Frosty The Lucky.

 

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Again, many thanks to you guys - your help is much appreciated. I'll tinker with the forge tomorrow and let you know if things aren't correctable.

-Erik

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8 hours ago, Erik F. said:

What I was trying to refer to was the way in which hot air and small flames exit out through the gap b/t the burner and the burner sleeve, while the burner is running normally. Is this okay to have? The flame seemed better when the gap was plugged

Good, then you should leave it plugged.  I would also  hold off on making any changes to the burner until the refractory is thoroughly baked.  The flame can be a little misleading until that is finished.  Once done inspection of the quantity of "dragon's breath" exiting the doorway in dim lighting will give you an idea of whether you are overly reducing.  As Frosty indicated, a little reduction is generally a good thing.

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Three's one more thing I usually to say but forgot.  "Change ONE thing at a time, test observe and take notes." 

If you change more than one thing at a time the effects become exponential and you won't know what did what making a good result a lucky mystery. 

For example, Mike and I use much different techniques to tune a burner. The basic effect is the same they alter the amount of combustion air induced and so the burn ratio. Try mixing the techniques and there's almost no telling what'll happen next, a burner can go from really close to won't burn at all. 

Frosty The Lucky.

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Well, dang. This is frustrating.

I was testing the forge this afternoon. It had been going for a couple of minutes when I noticed that my burner holder looked funny. It was melting! There was a nice little puddle of molten stuff on the floor of the forge.

The holder/sleeve is made out of a steel electrical conduit connector fixed to the tank with conduit reducing washers and conduit lock rings (idea taken from Zoeller "simple atmospheric gas forge" design). In retrospect, he used a 1-1/2" iron nipple for the sleeve -- I misread it and used an actual steel conduit connector, which is flimsier. At the risk of sounding stupid, was this the problem?

*sigh* Now I have to figure out what to do. I did it this way because I don't have access to a welder. I'll now have to figure out some way to fix the burner to the tank. If anyone has any ideas, I'd be grateful.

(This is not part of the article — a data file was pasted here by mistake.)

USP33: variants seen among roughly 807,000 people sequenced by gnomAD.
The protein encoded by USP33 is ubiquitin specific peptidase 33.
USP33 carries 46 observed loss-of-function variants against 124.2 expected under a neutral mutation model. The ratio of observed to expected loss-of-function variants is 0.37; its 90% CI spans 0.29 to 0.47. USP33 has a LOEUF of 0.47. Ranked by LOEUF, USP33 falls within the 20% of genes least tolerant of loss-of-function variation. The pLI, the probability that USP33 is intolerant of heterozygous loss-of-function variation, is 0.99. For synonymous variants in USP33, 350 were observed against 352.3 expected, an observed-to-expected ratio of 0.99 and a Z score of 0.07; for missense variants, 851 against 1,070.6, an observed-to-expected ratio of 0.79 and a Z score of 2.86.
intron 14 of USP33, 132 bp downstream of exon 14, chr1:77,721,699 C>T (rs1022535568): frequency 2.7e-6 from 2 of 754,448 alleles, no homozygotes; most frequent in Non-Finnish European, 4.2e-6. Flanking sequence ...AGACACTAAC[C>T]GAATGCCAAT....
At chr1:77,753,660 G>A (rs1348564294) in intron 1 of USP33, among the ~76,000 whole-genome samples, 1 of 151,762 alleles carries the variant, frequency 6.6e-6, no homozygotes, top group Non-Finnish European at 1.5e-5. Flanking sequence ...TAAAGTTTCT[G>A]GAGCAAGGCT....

Pics of the gap b/t the burner and sleeve right in the beginning, followed by the aftermath.

 

Right after firing up, before stuffing some Inswool in the gap:

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Aftermath:

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IMG_1695.thumb.jpg.50d06a7cf8c90ce46d582b496cae739f.jpg

 

Flame before it melted

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Don't think that fixture is steel; test one with a magnet!   (I'd guess something like zamac; aha "Conduit fittings for general purpose uses are commonly made from die-cast zinc.")

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Son of a gun. You’re right. It’s advertised as “zinc plated steel“ but when I look in the fine print, the actual connector is zinc, and only the screws are zinc-plated steel. 
 

That’s so embarrassing. I’m an idiot. :wacko:

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57 minutes ago, Erik F. said:

*sigh* Now I have to figure out what to do. I did it this way because I don't have access to a welder. I'll now have to figure out some way to fix the burner to the tank. If anyone has any ideas, I'd be grateful.

A suggestion for a fix..... If you look in the plumbing section of your local big box hardware store they sell brass termination flanges. I used one as the port/holder for the burner going into my forge. It's a little pricey at about $20.00, but it makes for easy installation. You just have to drill and tap holes for the bolts that use to hold the burner in alignment.

.... And don't be embarrassed. I bought all of the nuts and bolts to hold my forge together before I realized that zinc plating is somewhere the opposite of a good idea.
HOME-FLEX 1/2 in. CSST x 1/2 in. MIPT Brass Termination Flange-11 ...

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You can get a short piece of automotive exhaust pipe that your burner will fit in from any muffler shop. They usually have a cut off bin. Cut one end down (make 4 slots) and bend them out to make a flange that you bolt to the forge body with self tapping bolts.

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Another option is to buy a "Floor flange" and close nipple to make the sleeve to mount the burner. A black iron pipe nipple drills and taps easily and there's enough wall thickness for good strong threads. There should be enough for two sets of screws one above the other so you can aim the burner precisely. 

The floor flange will screw, nut and bolt or pop rivet to the forge shell easily. 

Either take your burner with you or if you're sure what size pipe you made it from pick a piece say 3-4" long to use as a gauge to decide which close nipple will work best for your mounting sleeve, then get a floor flange to match. 

Did you see any blue green flame and white lacy smoke? Zinc produces toxic fumes when it burns, it's a pretty color but it's B A D for you. 

Frosty The Lucky.

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You guys are awesome -- thanks for the ideas! I rigged something up to hold the burner this afternoon, but I think I need to beef it up with one of your ideas. Looks like it'll be back to the store for more stuff - I think they know my face by now. :P

Frosty, I may have seen a trace of green flame right towards the end. Fortunately, it was only for a moment, right before shutdown. I'm counting my lucky stars. Very humbling....

Once again, thanks for the help.

-Erik

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I've taken a piece of pipe cut it down the sides about 2" in a "+" pattern and heated and bent out the straps and formed them to fit the forge body. Drilled and riveted them with 20 penny nails, (I have a bucket of used ones I saved for riveting jobs)  Done BEFORE lining the forge body of course!  (The hole was made using a cheap hole saw sourced used at the fleamarket. The body was a He party balloon tank. Part of a "how cheap can I build a forge without using a welder?" experiment. I guess it's cheating that I was given kaowool at a scrapyard from furnace lagging...)